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Film / Delicatessen

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Long Pork, anyone?

Delicatessen is a 1991 French Black Comedy directed by Jean-Pierre Jeunet and Marc Caro.

The story is set in a post-apocalyptic apartment building in a France of an ambiguous time period, and focuses on the tenants of the apartment building and their desperate bids to survive. The protagonist, a former circus artist named Louison, arrives to replace a tenant whose reason for departure is initially unclear. However, it is gradually revealed that the building owner, Clapet, is luring unemployed people to murder them and use them as a source of food for his tenants. Louison's only hope for salvation is Julie, Clapet's daughter who doesn't agree with her father's actions and is also in love with Louison, and a vegetarian rebel group known as the Troglodistes who agree to help Julie rescue Louison in exchange for Clapet's grain stores.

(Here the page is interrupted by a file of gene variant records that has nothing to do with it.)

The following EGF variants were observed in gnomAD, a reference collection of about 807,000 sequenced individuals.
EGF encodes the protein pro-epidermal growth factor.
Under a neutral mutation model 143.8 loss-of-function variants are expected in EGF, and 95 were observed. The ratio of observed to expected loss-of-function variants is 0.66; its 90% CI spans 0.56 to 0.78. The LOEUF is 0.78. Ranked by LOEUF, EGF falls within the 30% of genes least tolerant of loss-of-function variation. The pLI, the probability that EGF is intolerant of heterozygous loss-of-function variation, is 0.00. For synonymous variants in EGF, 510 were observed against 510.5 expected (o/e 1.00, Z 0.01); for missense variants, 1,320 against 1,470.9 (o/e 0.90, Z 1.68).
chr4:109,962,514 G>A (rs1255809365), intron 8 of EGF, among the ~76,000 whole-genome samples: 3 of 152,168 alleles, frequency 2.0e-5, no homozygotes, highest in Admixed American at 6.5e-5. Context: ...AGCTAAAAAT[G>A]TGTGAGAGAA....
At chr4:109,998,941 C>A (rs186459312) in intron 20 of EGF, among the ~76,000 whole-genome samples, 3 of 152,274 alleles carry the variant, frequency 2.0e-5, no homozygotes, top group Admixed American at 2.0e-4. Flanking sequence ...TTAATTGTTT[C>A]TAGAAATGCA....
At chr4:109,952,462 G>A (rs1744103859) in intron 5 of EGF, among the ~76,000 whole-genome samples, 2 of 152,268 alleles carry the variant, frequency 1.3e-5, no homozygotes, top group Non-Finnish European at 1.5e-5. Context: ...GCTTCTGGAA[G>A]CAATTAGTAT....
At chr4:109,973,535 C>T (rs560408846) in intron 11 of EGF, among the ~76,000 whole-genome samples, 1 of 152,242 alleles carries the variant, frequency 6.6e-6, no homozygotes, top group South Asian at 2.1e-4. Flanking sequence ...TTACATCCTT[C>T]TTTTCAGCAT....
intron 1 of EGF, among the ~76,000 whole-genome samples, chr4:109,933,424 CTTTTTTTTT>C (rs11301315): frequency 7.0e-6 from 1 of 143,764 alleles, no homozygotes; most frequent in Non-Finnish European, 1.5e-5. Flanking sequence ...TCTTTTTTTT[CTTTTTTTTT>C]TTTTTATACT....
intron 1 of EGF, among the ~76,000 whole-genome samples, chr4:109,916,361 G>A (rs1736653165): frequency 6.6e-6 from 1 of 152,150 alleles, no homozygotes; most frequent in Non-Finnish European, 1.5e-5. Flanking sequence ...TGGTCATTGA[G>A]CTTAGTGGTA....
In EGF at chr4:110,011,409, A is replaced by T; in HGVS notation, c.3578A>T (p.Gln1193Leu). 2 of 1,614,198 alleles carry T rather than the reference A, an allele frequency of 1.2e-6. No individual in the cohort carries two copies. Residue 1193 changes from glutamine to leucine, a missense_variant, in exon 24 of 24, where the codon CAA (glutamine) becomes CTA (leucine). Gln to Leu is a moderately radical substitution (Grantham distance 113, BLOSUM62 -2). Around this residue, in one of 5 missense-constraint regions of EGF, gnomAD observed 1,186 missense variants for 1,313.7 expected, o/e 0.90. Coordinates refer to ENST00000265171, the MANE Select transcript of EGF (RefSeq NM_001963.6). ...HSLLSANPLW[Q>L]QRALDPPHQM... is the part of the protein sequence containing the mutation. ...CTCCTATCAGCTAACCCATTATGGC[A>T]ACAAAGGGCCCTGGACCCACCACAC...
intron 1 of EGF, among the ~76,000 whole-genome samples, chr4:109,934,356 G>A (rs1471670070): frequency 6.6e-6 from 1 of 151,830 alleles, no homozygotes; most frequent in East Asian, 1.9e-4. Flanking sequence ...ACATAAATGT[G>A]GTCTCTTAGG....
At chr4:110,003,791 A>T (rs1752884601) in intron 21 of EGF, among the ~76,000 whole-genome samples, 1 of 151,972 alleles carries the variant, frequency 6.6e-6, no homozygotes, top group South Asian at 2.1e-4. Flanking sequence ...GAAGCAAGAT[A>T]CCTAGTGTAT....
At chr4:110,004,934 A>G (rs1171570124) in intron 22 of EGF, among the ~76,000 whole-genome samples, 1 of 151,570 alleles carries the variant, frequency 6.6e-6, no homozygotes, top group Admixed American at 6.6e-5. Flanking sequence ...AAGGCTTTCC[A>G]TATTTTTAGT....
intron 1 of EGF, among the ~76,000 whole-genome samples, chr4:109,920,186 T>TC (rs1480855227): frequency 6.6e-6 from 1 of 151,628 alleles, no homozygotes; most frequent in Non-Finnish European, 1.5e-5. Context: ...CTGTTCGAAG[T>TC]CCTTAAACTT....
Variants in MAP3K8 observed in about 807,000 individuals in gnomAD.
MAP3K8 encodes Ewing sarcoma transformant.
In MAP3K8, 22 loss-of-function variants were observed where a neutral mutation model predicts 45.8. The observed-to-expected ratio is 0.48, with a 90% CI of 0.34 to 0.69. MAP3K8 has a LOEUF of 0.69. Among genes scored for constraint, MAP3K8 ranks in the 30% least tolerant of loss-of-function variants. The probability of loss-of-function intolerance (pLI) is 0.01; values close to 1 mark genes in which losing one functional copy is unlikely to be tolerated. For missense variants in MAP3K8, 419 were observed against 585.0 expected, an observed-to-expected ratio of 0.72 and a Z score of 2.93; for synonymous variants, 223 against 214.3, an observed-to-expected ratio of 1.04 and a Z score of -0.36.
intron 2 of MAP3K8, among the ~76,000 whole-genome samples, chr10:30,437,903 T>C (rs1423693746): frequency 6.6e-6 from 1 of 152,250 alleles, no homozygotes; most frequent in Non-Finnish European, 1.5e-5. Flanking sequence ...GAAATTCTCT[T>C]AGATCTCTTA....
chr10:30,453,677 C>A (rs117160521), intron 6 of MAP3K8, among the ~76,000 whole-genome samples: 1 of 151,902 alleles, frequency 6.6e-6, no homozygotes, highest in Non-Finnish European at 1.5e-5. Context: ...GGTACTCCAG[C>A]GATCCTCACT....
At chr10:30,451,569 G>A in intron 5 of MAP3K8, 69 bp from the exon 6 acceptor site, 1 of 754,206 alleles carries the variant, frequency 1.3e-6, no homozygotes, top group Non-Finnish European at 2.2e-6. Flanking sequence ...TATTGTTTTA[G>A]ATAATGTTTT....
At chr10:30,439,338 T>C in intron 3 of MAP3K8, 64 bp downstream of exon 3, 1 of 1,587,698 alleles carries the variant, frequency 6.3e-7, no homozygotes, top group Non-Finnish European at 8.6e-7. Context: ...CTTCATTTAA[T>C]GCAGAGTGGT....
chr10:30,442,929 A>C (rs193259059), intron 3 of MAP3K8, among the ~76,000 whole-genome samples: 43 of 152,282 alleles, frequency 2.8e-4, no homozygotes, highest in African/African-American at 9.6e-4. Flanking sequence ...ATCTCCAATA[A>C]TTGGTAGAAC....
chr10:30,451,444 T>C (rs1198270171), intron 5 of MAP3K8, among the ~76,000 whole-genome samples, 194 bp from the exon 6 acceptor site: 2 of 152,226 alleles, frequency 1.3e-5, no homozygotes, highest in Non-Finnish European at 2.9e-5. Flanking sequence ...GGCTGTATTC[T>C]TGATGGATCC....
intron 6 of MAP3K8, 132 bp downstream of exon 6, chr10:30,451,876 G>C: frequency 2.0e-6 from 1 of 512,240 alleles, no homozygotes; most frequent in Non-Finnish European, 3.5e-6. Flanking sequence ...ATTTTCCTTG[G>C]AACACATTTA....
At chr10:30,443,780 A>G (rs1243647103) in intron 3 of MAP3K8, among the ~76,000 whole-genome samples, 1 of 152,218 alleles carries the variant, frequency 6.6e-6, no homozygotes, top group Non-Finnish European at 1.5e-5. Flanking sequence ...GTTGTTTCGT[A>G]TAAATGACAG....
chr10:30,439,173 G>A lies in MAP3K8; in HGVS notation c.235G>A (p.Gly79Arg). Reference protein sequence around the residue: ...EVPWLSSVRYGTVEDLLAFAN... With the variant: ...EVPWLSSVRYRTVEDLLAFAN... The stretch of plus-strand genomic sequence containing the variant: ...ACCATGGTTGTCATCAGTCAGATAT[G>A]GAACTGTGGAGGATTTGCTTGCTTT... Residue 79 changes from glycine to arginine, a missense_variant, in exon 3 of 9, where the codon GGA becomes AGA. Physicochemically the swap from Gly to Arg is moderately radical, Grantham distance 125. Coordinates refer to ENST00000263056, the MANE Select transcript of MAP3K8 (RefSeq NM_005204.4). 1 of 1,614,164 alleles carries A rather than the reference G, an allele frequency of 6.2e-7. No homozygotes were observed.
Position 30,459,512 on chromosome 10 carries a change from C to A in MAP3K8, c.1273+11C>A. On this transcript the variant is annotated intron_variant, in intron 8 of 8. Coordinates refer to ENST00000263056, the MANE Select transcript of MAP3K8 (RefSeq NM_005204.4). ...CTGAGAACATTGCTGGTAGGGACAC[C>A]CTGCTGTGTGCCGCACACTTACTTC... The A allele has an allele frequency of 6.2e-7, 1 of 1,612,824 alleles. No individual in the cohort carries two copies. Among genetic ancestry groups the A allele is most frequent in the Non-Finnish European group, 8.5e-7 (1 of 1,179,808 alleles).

Not to be confused with Delicacy.

Delicatessen provides examples of:

  • Absurdly-Spacious Sewer: Where the Troglodistes live.
  • Accidental Suicide: Aurore spends the entire movie trying to kill herself, but her attempts are always thwarted leading her to get more and more elaborate with her attempts until she's building full-on Death Traps. Her final one includes a combination of swallowing pills while facing a gun set to go off, while she stands with her neck in a noose, with the gas on and a lit Molotov cocktail just under her. Subverting all expectations, she only dies because her husband, not knowing what she's doing, enters the room and turns on the light, igniting the gas and blowing them both up in the process, making this an Accidental Murder and Accidental Suicide twofer.
  • After the End: Vaguely. Some aspects of society are still operating; there's a TV station on the air, there's electricity, the mail is still running (although the mailman has to use a gun to defend himself while making his rounds), and there's motorized transport so gasoline is still being distributed. But also, the boarding house stands amidst bombed-out ruins, there's a yellow haze over everything, and the food situation is so bad that people are eating each other.